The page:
Everyone knows that all the things I have talked about, from maps and data visualisations to ticket purchase and litter disposal, have further and healthy room for improvement on the train. And there’s more to dream about and take action on:
- Knowing who the VIP or tricky customers are
- Doors and food trolleys and doors that never slam you (especially doors between carriages)
- On-board electronic ticket reservation systems that always work
- Seat numbers that are always legible – especially given the prevalence of older customers in future
- Dreamliner acoustics and plentiful quiet carriages
- Clever windows, perhaps with Microsoft Hololens annotation; personalised lighting.
By 2030, the fit, security-conscious older passenger will also be greeted, by superlative seat comfort and fantastic food quality. What used to be a carriage will feel more like a catwalk. As speeds, distances and staff education improve, there’ll be a chance to get back the full romance of international rail travel.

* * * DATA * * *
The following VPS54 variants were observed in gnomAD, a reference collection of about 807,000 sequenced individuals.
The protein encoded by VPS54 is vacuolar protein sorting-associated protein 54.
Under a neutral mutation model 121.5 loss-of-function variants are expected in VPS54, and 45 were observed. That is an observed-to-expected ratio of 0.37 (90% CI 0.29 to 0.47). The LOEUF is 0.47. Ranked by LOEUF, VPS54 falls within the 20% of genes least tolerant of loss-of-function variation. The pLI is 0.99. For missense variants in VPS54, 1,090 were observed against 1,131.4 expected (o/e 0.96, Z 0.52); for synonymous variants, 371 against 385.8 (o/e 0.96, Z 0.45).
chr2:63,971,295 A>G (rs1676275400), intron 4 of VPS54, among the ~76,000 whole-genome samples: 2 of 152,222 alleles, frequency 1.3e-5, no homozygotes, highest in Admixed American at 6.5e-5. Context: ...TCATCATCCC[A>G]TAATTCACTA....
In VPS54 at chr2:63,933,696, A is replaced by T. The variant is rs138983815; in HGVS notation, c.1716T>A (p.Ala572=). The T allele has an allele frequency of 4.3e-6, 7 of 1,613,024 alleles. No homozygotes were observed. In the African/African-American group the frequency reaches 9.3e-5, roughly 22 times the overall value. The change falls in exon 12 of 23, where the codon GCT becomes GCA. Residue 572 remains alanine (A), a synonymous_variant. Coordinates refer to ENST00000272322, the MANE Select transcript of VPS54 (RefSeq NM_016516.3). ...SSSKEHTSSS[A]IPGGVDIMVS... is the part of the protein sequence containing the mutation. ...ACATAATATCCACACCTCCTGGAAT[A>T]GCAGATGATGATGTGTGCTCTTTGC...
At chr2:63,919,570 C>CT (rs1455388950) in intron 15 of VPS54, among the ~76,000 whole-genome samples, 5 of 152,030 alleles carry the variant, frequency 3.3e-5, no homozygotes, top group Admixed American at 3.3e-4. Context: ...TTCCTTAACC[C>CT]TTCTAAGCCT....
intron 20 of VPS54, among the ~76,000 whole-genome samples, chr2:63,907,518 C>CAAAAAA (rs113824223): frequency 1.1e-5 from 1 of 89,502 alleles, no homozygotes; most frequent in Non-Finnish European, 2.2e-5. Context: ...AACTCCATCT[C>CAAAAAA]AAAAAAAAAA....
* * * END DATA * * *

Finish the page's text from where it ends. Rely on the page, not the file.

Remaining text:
In experiments with magnetic levitation trains, Central Japan Railway has already reached speeds of 600kph. Clearly European rail has a lot of innovating to do. Yet a shake-up is coming.
In Europe’s New Rail Landscape, liberalisation may well allow in new entrants keen on functioning as virtual operators. Already customer-centric specialists in online rail information such as Trainline and SilverRail have helped focus the whole industry’s attention on the customer experience. In a grown-up manner, they know about the passenger, lay out different routes and offer attractive savings in advance.
You don’t need me to tell you that customer experience will be the key competitive battleground for the next 14 years. And you don’t need me, or Amadeus – though we agree – to tell you that it’s on that battleground you’d do best to concentrate your management and technological firepower. Remember, too that the title ‘customer-centric’ needs to be earned, not just proclaimed.